In conclusion, it is important to increase the awareness among clinicians of this rare entity. Differentiating traumatic neuroma from recurrent lymphadenopathy after neck dissection should be included in the overall management of thyroid cancer patients.

Conflicts of interest

None declared.

Funding

The present study did not receive any funding.

Ethical approval

All procedures performed in this study involving a human participant were in accordance with the ethical standards of the institution and with the principles of the 1964 Declaration of Helsinki and its later amendments or comparable ethical standards.

Informed consent

Informed consent was obtained from the patient for the anonymous use of the patient’s clinical, imaging, and histological data.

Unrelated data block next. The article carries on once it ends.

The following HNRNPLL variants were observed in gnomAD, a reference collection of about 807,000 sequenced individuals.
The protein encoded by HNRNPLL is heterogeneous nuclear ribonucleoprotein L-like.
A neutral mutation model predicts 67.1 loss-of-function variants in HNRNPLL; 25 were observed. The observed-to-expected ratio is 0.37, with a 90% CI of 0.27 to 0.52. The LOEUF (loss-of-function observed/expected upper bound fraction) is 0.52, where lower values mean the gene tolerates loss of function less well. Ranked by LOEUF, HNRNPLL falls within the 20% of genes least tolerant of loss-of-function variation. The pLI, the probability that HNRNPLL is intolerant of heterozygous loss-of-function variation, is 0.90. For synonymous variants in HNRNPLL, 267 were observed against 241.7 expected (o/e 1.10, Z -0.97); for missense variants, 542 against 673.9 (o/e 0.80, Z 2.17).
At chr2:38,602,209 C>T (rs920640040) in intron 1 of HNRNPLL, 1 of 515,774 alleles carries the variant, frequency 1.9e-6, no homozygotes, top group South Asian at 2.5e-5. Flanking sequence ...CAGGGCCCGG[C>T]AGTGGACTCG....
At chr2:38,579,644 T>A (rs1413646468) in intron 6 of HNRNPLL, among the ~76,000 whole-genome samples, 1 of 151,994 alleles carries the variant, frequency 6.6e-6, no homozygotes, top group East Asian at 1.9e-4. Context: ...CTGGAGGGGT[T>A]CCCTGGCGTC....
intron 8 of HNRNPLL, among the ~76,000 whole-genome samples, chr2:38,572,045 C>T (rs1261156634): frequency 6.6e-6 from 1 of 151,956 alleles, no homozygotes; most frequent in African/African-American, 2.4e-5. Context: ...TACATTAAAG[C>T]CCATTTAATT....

References

  1. Foltán R, Klíma K, Spacková J, et al. Mechanism of traumatic neuroma development. Med Hypotheses. 2008; 71(4): 572576, doi: 10.1016/j.mehy.2008.05.010, indexed in Pubmed: 18599222.
  2. Ha EJu, Baek JH, Lee JH, et al. Characteristic ultrasound feature of traumatic neuromas after neck dissection: direct continuity with the cervical plexus. Thyroid. 2012; 22(8): 820826, doi: 10.1089/thy.2012.0092, indexed in Pubmed: 22784231.
  3. Kwak JY, Kim EK, Kim MJ, et al. Sonographic features of traumatic neuromas after neck dissection. J Clin Ultrasound. 2009; 37(4): 189193, doi: 10.1002/jcu.20566, indexed in Pubmed: 19253357.
  4. Yabuuchi H, Kuroiwa T, Fukuya T, et al. Traumatic neuroma and recurrent lymphadenopathy after neck dissection: comparison of radiologic features. Radiology. 2004; 233(2): 523529, doi: 10.1148/radiol.2331030779, indexed in Pubmed: 15358855.
  5. Kang J, Yang P, Zang Q, et al. Traumatic neuroma of the superficial peroneal nerve in a patient: a case report and review of the literature. World J Surg Oncol. 2016; 14(1): 242, doi: 10.1186/s12957-016-0990-6, indexed in Pubmed: 27613606.